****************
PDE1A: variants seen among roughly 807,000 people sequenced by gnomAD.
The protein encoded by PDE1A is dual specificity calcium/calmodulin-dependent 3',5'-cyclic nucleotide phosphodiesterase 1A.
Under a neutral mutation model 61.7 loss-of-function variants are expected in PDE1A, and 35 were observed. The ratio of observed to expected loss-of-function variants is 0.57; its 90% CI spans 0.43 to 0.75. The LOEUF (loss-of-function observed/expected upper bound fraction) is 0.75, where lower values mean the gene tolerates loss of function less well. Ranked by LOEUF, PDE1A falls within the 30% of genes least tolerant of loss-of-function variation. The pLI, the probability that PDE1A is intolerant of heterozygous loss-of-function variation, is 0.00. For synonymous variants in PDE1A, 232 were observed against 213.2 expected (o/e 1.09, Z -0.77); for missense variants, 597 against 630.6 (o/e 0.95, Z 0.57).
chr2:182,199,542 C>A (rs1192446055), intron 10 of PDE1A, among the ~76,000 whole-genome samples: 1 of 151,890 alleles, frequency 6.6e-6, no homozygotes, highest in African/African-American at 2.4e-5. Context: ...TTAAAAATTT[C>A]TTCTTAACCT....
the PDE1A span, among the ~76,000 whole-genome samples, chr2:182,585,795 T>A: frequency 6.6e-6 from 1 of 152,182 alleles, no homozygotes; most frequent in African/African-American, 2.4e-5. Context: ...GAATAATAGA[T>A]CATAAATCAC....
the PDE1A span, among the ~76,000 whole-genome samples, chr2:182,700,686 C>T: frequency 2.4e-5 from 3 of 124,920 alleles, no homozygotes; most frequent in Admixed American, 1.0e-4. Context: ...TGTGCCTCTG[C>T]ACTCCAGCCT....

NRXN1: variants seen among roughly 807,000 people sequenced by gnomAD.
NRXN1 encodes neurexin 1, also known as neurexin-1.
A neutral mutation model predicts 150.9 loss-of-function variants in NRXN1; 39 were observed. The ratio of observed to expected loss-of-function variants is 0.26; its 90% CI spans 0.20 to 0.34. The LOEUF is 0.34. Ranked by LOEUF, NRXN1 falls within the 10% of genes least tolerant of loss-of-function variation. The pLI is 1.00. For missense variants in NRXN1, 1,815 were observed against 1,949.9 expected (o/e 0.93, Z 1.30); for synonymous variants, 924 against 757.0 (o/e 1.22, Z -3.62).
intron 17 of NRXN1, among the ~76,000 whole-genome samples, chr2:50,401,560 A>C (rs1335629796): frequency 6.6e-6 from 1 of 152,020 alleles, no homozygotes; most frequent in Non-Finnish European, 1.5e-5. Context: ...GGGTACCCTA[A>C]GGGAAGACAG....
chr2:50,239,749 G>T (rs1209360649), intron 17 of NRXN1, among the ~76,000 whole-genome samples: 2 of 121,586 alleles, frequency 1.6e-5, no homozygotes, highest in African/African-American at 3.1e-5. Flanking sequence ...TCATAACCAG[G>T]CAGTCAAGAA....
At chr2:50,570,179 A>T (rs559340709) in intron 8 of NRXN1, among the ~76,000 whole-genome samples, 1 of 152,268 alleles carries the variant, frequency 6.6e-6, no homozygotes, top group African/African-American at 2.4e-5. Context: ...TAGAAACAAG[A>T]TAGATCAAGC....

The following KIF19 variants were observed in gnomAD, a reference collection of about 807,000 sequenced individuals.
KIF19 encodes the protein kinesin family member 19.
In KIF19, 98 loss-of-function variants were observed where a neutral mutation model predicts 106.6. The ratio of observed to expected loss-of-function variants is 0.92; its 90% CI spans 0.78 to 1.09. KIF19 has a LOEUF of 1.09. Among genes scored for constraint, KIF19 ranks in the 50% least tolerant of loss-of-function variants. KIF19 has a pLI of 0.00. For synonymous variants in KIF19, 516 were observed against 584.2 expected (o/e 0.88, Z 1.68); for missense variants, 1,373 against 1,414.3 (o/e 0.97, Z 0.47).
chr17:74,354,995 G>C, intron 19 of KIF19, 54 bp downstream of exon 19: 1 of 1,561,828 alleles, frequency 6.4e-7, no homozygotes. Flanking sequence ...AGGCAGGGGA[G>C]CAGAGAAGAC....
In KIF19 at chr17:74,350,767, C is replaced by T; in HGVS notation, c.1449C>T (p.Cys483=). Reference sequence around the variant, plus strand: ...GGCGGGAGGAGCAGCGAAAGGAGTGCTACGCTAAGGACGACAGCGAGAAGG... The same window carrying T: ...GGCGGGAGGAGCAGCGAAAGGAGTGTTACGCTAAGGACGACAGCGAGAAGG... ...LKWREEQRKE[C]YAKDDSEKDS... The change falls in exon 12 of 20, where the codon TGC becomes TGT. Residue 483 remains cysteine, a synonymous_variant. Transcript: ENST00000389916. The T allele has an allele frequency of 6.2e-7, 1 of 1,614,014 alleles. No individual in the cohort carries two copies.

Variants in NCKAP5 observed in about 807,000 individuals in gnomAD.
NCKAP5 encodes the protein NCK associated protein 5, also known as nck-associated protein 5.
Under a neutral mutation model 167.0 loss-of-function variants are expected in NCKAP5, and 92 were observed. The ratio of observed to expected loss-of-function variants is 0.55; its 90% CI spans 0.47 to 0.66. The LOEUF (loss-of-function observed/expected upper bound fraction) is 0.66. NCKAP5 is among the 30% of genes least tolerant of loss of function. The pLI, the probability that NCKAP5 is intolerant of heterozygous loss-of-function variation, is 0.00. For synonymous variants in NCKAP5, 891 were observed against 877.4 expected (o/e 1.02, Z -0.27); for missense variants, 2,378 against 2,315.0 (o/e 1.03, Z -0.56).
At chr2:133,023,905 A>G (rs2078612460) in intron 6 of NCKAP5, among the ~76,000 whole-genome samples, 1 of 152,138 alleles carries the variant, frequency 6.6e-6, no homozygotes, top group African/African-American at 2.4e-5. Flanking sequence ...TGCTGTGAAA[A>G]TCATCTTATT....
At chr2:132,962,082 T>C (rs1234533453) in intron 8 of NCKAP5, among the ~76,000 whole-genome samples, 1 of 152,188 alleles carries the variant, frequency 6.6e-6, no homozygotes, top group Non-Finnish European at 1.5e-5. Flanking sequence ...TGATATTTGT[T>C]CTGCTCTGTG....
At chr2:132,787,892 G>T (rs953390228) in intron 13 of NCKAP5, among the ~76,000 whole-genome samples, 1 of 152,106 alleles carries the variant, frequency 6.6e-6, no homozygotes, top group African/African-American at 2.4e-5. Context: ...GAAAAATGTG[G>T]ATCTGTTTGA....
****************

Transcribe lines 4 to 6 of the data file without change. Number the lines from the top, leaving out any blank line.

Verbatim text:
chr2:182,199,542 C>A (rs1192446055), intron 10 of PDE1A, among the ~76,000 whole-genome samples: 1 of 151,890 alleles, frequency 6.6e-6, no homozygotes, highest in African/African-American at 2.4e-5. Context: ...TTAAAAATTT[C>A]TTCTTAACCT....
the PDE1A span, among the ~76,000 whole-genome samples, chr2:182,585,795 T>A: frequency 6.6e-6 from 1 of 152,182 alleles, no homozygotes; most frequent in African/African-American, 2.4e-5. Context: ...GAATAATAGA[T>A]CATAAATCAC....
the PDE1A span, among the ~76,000 whole-genome samples, chr2:182,700,686 C>T: frequency 2.4e-5 from 3 of 124,920 alleles, no homozygotes; most frequent in Admixed American, 1.0e-4. Context: ...TGTGCCTCTG[C>T]ACTCCAGCCT....